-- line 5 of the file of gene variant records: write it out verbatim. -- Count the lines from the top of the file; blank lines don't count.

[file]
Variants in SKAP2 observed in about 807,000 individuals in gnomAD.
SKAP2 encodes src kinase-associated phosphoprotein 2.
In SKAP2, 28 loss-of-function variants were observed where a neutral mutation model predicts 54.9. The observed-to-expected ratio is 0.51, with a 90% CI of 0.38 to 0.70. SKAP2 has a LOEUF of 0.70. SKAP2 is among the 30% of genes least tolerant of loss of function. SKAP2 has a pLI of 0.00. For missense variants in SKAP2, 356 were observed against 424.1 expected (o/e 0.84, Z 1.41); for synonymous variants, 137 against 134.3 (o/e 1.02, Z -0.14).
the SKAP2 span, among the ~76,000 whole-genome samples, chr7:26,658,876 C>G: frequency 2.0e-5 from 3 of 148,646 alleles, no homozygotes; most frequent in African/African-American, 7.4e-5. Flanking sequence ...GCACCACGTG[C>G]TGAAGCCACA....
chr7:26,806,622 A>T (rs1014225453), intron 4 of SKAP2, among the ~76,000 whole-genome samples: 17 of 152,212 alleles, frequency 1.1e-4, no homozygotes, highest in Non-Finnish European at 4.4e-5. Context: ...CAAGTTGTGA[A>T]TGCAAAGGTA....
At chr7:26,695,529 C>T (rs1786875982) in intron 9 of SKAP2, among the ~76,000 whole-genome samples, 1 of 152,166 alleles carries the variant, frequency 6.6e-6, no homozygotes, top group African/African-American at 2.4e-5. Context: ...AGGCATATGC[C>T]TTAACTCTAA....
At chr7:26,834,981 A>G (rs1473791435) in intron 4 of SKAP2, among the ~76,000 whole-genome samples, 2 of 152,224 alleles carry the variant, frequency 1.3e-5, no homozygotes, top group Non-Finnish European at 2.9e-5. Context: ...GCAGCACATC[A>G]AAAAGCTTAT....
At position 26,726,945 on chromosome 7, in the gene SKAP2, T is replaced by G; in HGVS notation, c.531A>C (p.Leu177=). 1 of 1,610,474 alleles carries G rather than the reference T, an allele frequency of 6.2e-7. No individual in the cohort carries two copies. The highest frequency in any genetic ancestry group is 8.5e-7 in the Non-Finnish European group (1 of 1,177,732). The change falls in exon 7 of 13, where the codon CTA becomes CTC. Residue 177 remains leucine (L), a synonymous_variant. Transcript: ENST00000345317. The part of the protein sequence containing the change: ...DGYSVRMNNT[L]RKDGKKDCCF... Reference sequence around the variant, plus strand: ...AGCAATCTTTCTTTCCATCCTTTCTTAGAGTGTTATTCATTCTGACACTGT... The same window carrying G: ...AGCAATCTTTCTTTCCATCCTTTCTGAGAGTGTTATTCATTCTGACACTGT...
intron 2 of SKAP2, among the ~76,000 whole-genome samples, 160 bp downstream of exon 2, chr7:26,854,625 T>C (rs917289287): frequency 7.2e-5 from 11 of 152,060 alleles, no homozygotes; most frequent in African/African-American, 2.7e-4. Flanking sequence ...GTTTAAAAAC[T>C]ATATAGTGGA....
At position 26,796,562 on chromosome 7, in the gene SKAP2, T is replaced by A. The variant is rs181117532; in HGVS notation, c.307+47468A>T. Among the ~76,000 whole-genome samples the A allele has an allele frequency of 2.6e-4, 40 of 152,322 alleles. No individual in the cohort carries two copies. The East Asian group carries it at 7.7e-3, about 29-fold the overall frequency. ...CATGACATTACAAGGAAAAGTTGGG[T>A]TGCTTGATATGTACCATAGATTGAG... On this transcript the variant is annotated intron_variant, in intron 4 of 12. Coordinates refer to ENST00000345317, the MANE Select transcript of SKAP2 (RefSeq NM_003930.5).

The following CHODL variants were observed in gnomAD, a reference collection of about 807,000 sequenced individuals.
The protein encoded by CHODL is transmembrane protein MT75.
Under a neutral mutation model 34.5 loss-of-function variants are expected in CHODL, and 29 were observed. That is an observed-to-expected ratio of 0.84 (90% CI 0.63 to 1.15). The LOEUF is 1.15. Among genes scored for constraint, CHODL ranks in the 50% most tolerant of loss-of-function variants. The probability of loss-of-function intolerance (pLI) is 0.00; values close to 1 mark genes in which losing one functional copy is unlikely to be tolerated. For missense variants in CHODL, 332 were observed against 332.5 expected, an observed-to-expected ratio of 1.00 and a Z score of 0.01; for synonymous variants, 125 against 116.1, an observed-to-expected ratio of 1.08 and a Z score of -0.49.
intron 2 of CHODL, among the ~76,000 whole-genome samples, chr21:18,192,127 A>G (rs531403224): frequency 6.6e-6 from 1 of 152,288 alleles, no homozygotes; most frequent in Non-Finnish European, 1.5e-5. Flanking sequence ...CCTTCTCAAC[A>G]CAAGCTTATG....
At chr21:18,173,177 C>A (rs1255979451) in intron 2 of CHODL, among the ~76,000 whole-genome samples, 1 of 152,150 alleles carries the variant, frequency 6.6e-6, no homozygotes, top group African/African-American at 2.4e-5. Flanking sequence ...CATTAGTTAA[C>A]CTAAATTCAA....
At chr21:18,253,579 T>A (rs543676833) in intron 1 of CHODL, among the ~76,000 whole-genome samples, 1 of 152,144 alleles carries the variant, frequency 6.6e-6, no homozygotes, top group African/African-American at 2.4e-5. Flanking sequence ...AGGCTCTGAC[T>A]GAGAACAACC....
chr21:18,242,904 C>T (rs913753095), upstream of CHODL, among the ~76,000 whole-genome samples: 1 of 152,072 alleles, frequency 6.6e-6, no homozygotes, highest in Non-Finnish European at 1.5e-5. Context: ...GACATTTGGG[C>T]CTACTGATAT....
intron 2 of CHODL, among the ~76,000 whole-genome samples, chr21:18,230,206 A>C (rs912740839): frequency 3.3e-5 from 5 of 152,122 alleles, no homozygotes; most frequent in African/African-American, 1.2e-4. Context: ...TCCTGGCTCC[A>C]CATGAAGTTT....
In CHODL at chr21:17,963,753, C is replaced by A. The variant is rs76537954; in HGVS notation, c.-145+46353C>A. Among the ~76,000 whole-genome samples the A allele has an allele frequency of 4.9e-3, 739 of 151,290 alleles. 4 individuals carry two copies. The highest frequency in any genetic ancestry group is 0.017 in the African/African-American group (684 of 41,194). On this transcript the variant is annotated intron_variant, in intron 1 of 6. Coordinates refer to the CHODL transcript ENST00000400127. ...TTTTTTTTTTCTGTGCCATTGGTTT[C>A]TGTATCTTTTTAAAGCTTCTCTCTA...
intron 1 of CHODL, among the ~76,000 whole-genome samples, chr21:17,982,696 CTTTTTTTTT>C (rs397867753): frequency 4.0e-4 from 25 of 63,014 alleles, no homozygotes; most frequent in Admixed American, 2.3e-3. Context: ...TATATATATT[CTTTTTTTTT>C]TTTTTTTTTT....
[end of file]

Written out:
chr7:26,806,622 A>T (rs1014225453), intron 4 of SKAP2, among the ~76,000 whole-genome samples: 17 of 152,212 alleles, frequency 1.1e-4, no homozygotes, highest in Non-Finnish European at 4.4e-5. Context: ...CAAGTTGTGA[A>T]TGCAAAGGTA....